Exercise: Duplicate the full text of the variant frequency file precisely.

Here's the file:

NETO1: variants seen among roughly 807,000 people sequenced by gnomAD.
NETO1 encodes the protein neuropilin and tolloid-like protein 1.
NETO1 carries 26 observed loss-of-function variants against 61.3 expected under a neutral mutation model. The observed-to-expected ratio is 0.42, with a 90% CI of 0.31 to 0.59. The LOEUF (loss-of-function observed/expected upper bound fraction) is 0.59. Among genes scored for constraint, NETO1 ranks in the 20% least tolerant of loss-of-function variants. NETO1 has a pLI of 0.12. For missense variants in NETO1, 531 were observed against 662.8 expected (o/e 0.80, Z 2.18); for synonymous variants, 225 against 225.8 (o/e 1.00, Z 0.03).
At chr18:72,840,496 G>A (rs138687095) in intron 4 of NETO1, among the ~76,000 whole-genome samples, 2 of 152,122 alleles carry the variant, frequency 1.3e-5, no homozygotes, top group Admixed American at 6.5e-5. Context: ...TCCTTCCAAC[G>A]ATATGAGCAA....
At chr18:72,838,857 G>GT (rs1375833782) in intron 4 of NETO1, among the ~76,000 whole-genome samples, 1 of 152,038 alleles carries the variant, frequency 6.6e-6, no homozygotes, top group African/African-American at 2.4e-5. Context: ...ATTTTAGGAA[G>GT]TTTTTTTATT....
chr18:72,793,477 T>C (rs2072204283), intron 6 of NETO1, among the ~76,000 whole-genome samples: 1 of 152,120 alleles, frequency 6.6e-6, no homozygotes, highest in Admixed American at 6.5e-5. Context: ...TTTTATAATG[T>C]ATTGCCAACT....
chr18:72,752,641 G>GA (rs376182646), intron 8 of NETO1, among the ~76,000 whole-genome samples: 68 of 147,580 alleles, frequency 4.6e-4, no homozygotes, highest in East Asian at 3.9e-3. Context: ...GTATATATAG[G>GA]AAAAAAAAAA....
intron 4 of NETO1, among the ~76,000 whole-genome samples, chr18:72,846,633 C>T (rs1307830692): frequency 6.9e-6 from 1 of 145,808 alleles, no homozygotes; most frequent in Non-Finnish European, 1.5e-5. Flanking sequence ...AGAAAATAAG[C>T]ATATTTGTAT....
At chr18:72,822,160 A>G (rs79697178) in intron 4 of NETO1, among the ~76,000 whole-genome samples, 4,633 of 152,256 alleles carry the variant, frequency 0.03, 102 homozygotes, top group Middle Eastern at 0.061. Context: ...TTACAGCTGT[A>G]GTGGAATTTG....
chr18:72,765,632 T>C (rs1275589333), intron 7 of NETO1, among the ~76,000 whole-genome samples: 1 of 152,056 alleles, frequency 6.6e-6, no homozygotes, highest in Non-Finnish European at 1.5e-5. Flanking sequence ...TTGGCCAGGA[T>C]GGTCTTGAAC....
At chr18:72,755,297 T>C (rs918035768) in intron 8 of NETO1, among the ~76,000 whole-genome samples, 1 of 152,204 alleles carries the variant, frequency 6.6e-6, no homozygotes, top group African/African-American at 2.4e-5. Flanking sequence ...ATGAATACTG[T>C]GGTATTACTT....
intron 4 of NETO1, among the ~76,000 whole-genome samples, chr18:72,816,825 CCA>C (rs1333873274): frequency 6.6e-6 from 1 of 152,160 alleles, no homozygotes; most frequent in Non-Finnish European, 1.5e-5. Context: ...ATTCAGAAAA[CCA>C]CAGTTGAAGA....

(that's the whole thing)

NETO1: variants seen among roughly 807,000 people sequenced by gnomAD.
NETO1 encodes the protein neuropilin and tolloid-like protein 1.
NETO1 carries 26 observed loss-of-function variants against 61.3 expected under a neutral mutation model. The observed-to-expected ratio is 0.42, with a 90% CI of 0.31 to 0.59. The LOEUF (loss-of-function observed/expected upper bound fraction) is 0.59. Among genes scored for constraint, NETO1 ranks in the 20% least tolerant of loss-of-function variants. NETO1 has a pLI of 0.12. For missense variants in NETO1, 531 were observed against 662.8 expected (o/e 0.80, Z 2.18); for synonymous variants, 225 against 225.8 (o/e 1.00, Z 0.03).
At chr18:72,840,496 G>A (rs138687095) in intron 4 of NETO1, among the ~76,000 whole-genome samples, 2 of 152,122 alleles carry the variant, frequency 1.3e-5, no homozygotes, top group Admixed American at 6.5e-5. Context: ...TCCTTCCAAC[G>A]ATATGAGCAA....
At chr18:72,838,857 G>GT (rs1375833782) in intron 4 of NETO1, among the ~76,000 whole-genome samples, 1 of 152,038 alleles carries the variant, frequency 6.6e-6, no homozygotes, top group African/African-American at 2.4e-5. Context: ...ATTTTAGGAA[G>GT]TTTTTTTATT....
chr18:72,793,477 T>C (rs2072204283), intron 6 of NETO1, among the ~76,000 whole-genome samples: 1 of 152,120 alleles, frequency 6.6e-6, no homozygotes, highest in Admixed American at 6.5e-5. Context: ...TTTTATAATG[T>C]ATTGCCAACT....
chr18:72,752,641 G>GA (rs376182646), intron 8 of NETO1, among the ~76,000 whole-genome samples: 68 of 147,580 alleles, frequency 4.6e-4, no homozygotes, highest in East Asian at 3.9e-3. Context: ...GTATATATAG[G>GA]AAAAAAAAAA....
intron 4 of NETO1, among the ~76,000 whole-genome samples, chr18:72,846,633 C>T (rs1307830692): frequency 6.9e-6 from 1 of 145,808 alleles, no homozygotes; most frequent in Non-Finnish European, 1.5e-5. Flanking sequence ...AGAAAATAAG[C>T]ATATTTGTAT....
At chr18:72,822,160 A>G (rs79697178) in intron 4 of NETO1, among the ~76,000 whole-genome samples, 4,633 of 152,256 alleles carry the variant, frequency 0.03, 102 homozygotes, top group Middle Eastern at 0.061. Context: ...TTACAGCTGT[A>G]GTGGAATTTG....
chr18:72,765,632 T>C (rs1275589333), intron 7 of NETO1, among the ~76,000 whole-genome samples: 1 of 152,056 alleles, frequency 6.6e-6, no homozygotes, highest in Non-Finnish European at 1.5e-5. Flanking sequence ...TTGGCCAGGA[T>C]GGTCTTGAAC....
At chr18:72,755,297 T>C (rs918035768) in intron 8 of NETO1, among the ~76,000 whole-genome samples, 1 of 152,204 alleles carries the variant, frequency 6.6e-6, no homozygotes, top group African/African-American at 2.4e-5. Flanking sequence ...ATGAATACTG[T>C]GGTATTACTT....
intron 4 of NETO1, among the ~76,000 whole-genome samples, chr18:72,816,825 CCA>C (rs1333873274): frequency 6.6e-6 from 1 of 152,160 alleles, no homozygotes; most frequent in Non-Finnish European, 1.5e-5. Context: ...ATTCAGAAAA[CCA>C]CAGTTGAAGA....